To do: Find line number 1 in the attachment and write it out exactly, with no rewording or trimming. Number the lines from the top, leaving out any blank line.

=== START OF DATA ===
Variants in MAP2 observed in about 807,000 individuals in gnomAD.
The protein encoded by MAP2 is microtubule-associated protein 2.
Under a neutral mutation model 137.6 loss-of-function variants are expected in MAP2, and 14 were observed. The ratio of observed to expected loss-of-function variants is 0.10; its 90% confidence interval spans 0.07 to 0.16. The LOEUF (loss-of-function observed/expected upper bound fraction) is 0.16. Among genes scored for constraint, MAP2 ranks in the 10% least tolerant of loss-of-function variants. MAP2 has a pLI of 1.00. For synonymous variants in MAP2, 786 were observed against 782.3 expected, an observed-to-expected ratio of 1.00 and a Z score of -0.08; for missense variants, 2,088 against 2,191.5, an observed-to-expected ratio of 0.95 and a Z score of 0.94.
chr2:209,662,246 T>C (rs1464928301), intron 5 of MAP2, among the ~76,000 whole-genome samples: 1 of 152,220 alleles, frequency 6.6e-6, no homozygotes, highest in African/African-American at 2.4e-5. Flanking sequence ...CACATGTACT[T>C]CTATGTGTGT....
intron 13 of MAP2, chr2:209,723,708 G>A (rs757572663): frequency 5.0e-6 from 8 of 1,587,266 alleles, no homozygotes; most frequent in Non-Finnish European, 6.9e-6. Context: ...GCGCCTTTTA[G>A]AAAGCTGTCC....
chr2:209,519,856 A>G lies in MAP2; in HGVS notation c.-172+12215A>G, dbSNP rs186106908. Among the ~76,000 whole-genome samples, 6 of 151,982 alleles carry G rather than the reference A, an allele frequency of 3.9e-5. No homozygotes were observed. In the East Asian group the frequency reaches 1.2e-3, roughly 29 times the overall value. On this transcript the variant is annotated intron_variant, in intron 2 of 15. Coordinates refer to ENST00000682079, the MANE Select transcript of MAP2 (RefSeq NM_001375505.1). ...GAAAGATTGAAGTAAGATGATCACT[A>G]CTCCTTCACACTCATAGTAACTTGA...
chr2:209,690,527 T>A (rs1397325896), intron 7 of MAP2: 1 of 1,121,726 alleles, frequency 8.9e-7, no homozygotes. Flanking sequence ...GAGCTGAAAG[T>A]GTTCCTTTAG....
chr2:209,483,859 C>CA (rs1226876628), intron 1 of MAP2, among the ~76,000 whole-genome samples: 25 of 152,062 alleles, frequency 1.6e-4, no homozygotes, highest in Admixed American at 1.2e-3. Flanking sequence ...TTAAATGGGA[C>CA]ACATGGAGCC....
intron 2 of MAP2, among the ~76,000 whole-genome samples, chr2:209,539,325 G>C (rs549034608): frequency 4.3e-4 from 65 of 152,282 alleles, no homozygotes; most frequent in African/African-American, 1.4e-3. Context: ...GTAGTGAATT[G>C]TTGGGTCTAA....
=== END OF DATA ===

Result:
Variants in MAP2 observed in about 807,000 individuals in gnomAD.